The Princesses of Iowa by M. Molly Backes
The Skinny: After a harrowing drunk driving accident involving Paige and her two BFFs Lacey and Nikki, Paige is shipped off to spend the summer in Paris to be a babysitter for the baby of a completely a dysfunctional family. When she returns, she is suddenly thrust into her senior year, her aspirations of being Homecoming Queen going full throttle, and the excitement that comes with ruling the school with her two BFFs. But things have changed and her friends have become distant. Her perfect boyfriend has began spending time with Lacey, claiming he’s just helping her recoup after the accident. Paige’s life seems to be thrown for a spiral and all the things she had hoped senior year would be are suddenly not as exciting. But when her new creative writing teacher encourages them to begin writing the truth, despite how hard it is, Paige begins to see her life – friends, family, boyfriend – in a new light. As she struggles to deal with the reality of her situation and the haunting night of their accident, Paige begins to realize that being a princess isn’t all it’s cracked up to be.
BFF?: Um… I’m not really sure what I feel about Paige. On the one hand, I liked her. I thought she was deeper than she seemed and that even though her thoughts and actions didn’t show her depths, there were moments that we got to glimpse into them and see her for the girl she could be. But on the other, she was kind of out of control. She let things become important to her while she was telling herself that they shouldn’t be important. She placed value on things and people that didn’t deserve that value and even though she knew it was wrong, she continued to place value on them because it was what was expected of her. I suppose we all do that a little, but it was really hard to see from an outsider’s perspective.
Readability: This was an interesting mix of your standard contemporary writing with amazing poetic stream of consciousness writing. I sometimes feel like when I get MAJOR upset or emotional about something, I start talking in run on sentences, bringing in every thought possible. Some of the writing/Paige’s thoughts were like that so it was really interesting to read them and actually get being like that.
Crush Level: F–K NO and Hooray!
I didn’t do numbers because neither really deserved them. First, let’s talk about Jake. He may SEEM like a great boyfriend, but from the first second he slithered onto the page I saw how slimy he was. Okay, maybe I didn’t… I really wanted him to be a good boyfriend because he did act like one. And I genuinely believe he WAS one. But then he started being all “Oh, but Paige, Lacey needs a friend right now. You should be a better friend. I’m going to be her friend” and I was all “Dude, fucking hang out with your girlfriend! Stop being a douche!” but he didn’t listen then just ended up turning into a total slimeball who I wanted to punch the end.
Then there’s Ethan…. I do love a good nerdy boy and Ethan totally topped the cake! He wasn’t so much nerdy as he was just kinda quirky and sweet. He did things like give Paige his sweatshirt when she was cold, joked around with her, was silly and sweet… Okay, I just liked him.
I was never on our homecoming court and really didn’t give two thoughts to homecoming, so I don’t really get all the drama that was involved in this. But apparently in Iowa it’s a big deal and people still care about this.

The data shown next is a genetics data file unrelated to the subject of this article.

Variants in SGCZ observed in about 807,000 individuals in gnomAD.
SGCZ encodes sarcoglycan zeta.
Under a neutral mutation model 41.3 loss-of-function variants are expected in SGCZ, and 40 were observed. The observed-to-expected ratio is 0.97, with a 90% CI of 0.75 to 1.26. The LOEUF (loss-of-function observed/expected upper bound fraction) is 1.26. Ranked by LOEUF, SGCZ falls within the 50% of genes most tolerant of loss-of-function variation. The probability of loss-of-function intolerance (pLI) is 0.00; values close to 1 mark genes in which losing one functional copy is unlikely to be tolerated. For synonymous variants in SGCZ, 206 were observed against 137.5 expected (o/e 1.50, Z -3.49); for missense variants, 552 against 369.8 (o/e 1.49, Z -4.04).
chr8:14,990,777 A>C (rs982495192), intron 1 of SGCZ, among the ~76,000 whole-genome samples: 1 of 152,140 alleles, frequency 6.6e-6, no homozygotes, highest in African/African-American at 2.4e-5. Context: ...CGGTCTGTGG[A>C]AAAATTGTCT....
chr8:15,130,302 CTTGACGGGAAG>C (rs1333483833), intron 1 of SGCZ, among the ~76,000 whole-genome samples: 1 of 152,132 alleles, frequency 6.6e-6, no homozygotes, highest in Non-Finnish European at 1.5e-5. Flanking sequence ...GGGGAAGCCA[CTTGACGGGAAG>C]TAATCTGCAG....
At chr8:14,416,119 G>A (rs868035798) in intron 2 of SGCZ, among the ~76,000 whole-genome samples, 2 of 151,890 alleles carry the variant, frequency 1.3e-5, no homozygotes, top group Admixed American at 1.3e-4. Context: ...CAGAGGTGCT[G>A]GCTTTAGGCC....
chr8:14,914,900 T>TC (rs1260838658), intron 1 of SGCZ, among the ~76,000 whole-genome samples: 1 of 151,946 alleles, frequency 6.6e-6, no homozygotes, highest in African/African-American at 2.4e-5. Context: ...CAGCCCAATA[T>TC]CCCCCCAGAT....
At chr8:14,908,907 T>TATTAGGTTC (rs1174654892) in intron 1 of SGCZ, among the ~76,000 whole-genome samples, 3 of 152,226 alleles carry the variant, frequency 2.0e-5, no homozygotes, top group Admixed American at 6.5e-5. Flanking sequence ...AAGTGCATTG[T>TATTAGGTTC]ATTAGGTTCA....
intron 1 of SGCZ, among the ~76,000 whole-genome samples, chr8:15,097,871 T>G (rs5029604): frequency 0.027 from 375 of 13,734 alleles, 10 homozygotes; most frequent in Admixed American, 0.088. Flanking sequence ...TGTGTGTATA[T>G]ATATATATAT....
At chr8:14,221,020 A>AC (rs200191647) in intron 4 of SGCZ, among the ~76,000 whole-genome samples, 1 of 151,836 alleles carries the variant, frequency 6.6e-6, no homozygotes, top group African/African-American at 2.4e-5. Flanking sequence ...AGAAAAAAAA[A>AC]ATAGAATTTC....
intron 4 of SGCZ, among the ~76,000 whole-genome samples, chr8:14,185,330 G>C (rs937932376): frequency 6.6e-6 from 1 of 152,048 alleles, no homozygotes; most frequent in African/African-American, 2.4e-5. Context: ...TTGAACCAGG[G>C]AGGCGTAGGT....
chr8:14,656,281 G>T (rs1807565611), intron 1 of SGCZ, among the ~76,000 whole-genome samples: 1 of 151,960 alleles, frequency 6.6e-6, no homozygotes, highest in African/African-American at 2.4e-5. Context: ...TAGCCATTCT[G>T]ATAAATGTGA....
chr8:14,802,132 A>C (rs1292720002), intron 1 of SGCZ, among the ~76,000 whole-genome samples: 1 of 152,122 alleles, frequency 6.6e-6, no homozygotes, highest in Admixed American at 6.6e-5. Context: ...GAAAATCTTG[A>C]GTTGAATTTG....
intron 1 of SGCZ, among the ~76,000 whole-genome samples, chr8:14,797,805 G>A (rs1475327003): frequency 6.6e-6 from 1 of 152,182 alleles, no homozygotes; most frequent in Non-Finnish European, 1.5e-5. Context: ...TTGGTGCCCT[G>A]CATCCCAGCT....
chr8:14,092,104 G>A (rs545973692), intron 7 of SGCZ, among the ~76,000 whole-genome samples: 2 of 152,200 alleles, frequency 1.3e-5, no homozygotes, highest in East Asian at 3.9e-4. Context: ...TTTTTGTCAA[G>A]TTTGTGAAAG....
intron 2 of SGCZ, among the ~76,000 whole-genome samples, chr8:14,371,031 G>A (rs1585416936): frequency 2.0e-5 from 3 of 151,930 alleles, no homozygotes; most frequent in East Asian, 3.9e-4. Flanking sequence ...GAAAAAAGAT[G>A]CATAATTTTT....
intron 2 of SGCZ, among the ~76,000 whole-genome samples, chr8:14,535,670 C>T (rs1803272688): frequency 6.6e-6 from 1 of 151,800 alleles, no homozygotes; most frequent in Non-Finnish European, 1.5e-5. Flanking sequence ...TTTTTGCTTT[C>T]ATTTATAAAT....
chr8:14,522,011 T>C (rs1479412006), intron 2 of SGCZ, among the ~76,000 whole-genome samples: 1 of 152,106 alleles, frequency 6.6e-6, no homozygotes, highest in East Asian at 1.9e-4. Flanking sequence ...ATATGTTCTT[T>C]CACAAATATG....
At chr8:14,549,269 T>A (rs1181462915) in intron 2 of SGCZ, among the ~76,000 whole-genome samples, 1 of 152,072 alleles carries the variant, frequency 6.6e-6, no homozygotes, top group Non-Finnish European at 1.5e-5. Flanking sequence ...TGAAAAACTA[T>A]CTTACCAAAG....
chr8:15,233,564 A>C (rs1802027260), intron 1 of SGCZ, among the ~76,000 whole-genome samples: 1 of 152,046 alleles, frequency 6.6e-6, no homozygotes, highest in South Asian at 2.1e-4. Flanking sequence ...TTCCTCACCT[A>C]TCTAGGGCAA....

I’m not really saying that I SUPPORT teen drinking because I don’t. Just say no, kids. But I like that this book wasn’t afraid to deal with the reality of it. The accident at the beginning of the book wasn’t this life-altering event and suddenly everyone quit drinking. I liked that they still drank. I like that there was still partying. I liked that they still dealt with consequences. It made it very real.
This book made me want to take a writing class SO BAD. Or at least emulate some of the writing exercises Mr. Tremont gave his students.
Commencement Speech: I had some rather interesting reactions to this one. First off, I really enjoyed it a lot more than I was expecting. Secondly, I loved putting myself in the characters’ shoes. I was most definitely NOT in the popular crowd in high school and it wasn’t until college that I got in with the “in” crowd. If… such a thing exists in college. Maybe when your college is the size of a high school? Anyway. I thought the Princesses of Iowa was a great look into the life of the “in” crowd and the idea of finding yourself on the edge of it, realizing you’re not the person you always thought you were. That, however, is where the positive thoughts end. But let me preface this by saying I really enjoyed the book. No complaints so much as bad gut feelings about the characters. First, Paige’s mom. I HATED her. I just didn’t get how she could be so obsessed with Paige and homecoming, and basically ignoring the fact that her daughter was hungover all the time. Ugh, worst mom of the year, yo!
Next, all the gay stuff – ignorant stereotypical insults and slurs, protesting, rumors – got to me. Like REALLY got to me. Mostly because I hate hearing people talk so cruelly about anyone. There were a few scenes that featured really horrible conversations that made me feel all ragey inside. Which, I think, is what made this book so powerful to me. It made me feel lots of emotions and feelings towards not only the characters but ideas and scenes.
So yeah… if you’re looking for a good contemporary that isn’t preachy, that uses the typical high school archetypes, definitely check this one out. I am so glad it was our Forever Young Adult book club read for Feb!